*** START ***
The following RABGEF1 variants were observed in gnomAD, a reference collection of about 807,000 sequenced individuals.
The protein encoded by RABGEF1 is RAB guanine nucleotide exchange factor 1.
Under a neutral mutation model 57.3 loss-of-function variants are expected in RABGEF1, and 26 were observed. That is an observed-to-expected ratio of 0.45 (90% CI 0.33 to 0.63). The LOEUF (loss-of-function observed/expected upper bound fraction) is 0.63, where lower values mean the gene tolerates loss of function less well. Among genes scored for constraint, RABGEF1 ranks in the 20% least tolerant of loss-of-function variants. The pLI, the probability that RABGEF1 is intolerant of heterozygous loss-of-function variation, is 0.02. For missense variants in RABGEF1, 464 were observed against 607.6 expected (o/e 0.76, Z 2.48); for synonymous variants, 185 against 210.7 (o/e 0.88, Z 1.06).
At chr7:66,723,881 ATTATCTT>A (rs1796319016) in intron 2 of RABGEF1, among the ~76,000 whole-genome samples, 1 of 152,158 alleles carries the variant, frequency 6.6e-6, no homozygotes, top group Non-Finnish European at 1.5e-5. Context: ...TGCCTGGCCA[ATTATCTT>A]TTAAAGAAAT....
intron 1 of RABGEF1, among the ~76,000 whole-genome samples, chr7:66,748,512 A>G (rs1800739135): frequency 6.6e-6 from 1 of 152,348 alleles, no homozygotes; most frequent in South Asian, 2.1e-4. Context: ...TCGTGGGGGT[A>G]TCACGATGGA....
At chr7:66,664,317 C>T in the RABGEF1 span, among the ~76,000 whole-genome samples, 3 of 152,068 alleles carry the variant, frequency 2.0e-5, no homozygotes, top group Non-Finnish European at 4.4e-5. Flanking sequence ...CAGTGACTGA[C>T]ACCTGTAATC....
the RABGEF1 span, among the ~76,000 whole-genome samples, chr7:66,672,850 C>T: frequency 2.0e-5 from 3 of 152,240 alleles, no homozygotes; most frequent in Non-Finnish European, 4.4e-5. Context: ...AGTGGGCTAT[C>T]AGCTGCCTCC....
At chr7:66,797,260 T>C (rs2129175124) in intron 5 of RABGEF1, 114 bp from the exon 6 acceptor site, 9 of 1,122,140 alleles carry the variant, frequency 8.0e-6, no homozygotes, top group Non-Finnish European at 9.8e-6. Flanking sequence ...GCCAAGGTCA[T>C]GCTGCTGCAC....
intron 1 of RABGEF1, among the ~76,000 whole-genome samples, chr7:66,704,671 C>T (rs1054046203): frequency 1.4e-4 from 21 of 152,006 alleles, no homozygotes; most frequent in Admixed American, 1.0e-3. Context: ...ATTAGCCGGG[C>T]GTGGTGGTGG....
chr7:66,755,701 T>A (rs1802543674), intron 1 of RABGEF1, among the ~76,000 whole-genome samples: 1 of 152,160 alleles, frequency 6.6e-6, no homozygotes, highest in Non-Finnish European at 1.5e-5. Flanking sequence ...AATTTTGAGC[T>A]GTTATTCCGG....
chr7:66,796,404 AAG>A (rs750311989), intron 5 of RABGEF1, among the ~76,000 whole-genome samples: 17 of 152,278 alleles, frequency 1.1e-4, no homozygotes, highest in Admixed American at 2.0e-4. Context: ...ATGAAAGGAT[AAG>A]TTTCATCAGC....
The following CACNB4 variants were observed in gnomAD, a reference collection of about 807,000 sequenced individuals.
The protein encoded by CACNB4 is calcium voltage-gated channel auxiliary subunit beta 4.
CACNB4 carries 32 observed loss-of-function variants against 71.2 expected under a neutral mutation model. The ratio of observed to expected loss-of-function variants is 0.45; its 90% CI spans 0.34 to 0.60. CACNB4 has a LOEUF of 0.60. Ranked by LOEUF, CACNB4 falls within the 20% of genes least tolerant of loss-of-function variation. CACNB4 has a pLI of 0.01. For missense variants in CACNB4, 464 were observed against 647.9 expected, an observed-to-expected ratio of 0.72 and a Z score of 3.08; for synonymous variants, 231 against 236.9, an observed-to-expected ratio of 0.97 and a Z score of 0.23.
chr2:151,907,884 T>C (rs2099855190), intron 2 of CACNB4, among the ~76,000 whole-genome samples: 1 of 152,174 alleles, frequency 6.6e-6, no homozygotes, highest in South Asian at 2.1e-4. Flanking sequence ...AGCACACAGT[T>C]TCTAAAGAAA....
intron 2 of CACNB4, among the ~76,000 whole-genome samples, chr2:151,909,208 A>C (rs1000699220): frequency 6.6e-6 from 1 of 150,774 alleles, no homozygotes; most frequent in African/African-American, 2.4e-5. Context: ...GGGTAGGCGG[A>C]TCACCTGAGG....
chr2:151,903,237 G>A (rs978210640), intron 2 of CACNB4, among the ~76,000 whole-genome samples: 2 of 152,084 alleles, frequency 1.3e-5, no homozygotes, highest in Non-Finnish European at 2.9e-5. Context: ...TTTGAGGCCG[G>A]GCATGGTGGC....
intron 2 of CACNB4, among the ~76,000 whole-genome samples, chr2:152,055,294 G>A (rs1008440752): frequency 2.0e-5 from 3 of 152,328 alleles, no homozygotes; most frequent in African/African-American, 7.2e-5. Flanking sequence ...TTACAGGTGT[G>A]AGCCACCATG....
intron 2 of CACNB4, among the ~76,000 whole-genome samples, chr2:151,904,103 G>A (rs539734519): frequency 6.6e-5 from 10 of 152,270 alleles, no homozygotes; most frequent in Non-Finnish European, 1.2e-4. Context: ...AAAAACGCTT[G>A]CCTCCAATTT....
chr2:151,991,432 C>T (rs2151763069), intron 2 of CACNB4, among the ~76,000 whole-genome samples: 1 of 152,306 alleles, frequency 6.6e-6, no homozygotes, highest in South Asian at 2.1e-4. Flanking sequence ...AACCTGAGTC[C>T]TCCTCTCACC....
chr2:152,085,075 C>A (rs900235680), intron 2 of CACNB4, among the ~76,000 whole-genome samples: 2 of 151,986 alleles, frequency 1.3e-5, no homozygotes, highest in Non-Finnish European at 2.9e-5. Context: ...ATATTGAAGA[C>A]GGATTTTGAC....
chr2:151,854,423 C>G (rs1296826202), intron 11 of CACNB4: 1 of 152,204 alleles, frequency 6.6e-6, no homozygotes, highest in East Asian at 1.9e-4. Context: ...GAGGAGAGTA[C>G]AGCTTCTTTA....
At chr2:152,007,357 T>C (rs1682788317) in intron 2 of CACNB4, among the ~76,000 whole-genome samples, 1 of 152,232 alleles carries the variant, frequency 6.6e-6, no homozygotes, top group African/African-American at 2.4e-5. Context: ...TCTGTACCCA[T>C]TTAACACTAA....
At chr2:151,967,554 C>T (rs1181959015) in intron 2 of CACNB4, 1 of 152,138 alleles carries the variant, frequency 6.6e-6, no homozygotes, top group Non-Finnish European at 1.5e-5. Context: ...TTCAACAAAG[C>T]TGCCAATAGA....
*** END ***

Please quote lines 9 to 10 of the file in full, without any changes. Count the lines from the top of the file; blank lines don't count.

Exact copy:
intron 1 of RABGEF1, among the ~76,000 whole-genome samples, chr7:66,704,671 C>T (rs1054046203): frequency 1.4e-4 from 21 of 152,006 alleles, no homozygotes; most frequent in Admixed American, 1.0e-3. Context: ...ATTAGCCGGG[C>T]GTGGTGGTGG....
chr7:66,755,701 T>A (rs1802543674), intron 1 of RABGEF1, among the ~76,000 whole-genome samples: 1 of 152,160 alleles, frequency 6.6e-6, no homozygotes, highest in Non-Finnish European at 1.5e-5. Flanking sequence ...AATTTTGAGC[T>A]GTTATTCCGG....